Two of the biggest obstacles to a comfortable retirement are houses and cars. People tend to buy houses based on what their realtor tells them they can afford or on what they perceive as their dream home. Cars guzzle up money that could multiply many times in a good retirement account. The challenge is to buy what you can actually afford, not what you want or dream about.
The challenge is to buy what you can actually afford, not what you want or dream about.
Fifteen percent of American homeowners are living in homes that require more than 30% of their household income be spent on their home mortgage payment, plus real estate taxes, home owners insurance, and association fees. According to the 2016 How Housing Matters Survey, commissioned by the nonprofit MacArthur Foundation, Americans are making sacrifices that include getting a second job, cutting back on health care, and running up credit card debt so they can afford their dream home.
Yet, some people appear to be cooling on the prospect of owning their dream home. About 43% of respondents in the survey say owning a home is no longer “an excellent long-term investment and one of the best ways for people to build wealth and assets.” Over one-half of those surveyed say buying a home has become less appealing than renting.
“The habit of purchasing expensive new cars, especially early in life, can be detrimental to finances of any working adult,” says Ryan Kwiatkowski at Retirement Solutions in Naperville, IL. “Many working Americans easily justify their purchase of expensive new cars by saying - I work hard and deserve a nice car, or I need a nice car for work. An expensive car will have more trade-in value. Or the other falsity - an expensive car will last longer. The challenge for car owners,” he says, “is to kick the need to be seen in a late-model car and start to feel comfortable with your 10-year-old Accord.”
If you don’t need an expensive late-model car for a reason, such as a realtor who takes customers shopping for high-end homes, owning one pricey model after another can be a retirement killer. Replacing a car for style, fear of maintenance costs, or just to keep up with the Joneses is a major no-no, according to experts in retirement planning and car ownership. “The first problem with high-end car ownership is that it is a depreciating asset, while retirement money, if invested properly, is an appreciating asset,” says Kwiatkowski.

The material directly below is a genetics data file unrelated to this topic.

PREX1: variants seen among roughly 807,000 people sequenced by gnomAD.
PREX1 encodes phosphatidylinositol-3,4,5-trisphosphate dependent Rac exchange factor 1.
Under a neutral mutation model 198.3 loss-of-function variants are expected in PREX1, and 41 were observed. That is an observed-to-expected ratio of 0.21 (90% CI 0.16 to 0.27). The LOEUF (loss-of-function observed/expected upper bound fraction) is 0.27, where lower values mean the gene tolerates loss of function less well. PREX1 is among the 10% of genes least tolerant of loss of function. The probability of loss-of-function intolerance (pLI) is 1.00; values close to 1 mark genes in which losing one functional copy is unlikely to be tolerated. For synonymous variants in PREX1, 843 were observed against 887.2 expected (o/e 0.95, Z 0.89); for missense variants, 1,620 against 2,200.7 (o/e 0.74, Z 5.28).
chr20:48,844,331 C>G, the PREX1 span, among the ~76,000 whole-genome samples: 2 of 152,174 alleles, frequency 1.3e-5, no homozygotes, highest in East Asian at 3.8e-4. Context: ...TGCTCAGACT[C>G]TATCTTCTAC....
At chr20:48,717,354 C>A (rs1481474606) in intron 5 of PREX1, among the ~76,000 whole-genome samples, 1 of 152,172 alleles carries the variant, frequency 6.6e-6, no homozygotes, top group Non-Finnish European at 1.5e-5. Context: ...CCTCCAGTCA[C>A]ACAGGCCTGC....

Imagine you could invest $300 more per month by reducing various car costs. How would that affect you over a 40-year driving career and retirement at 66? Saving $300 per month ($3,600 per year) in car payments can produce a nest egg large enough to provide about $23,000 in annual income at age 66, assuming a 7% average return, 2% inflation, and a 2% annual savings increase to keep up with rising costs. That also assumes that retirement income would continue until age 100.
Financial Planner David Walter with Palisades Hudson Financial Group in Portland, OR, says, “Among the three car-driving options: buying new, leasing new, and buying a good used vehicle - the smartest and cheapest is buying a good used vehicle. And the longer you own your car, the more you’ll save by buying versus leasing.” Leasing could be the best option for certain people, like elderly drivers on fixed incomes who want the lower monthly payments leasing offers, won’t drive more than the allotted amount, want to avoid repair costs, and want all maintenance covered.
According to Walters, “For the frugal shopper, buying a home and car you can afford saves a boatload of money you can save for retirement. Saving money early in your working years will allow you to afford that dream home or dream car, but just a little later in life.”
CFP®, FLMI, Annuity Product Manager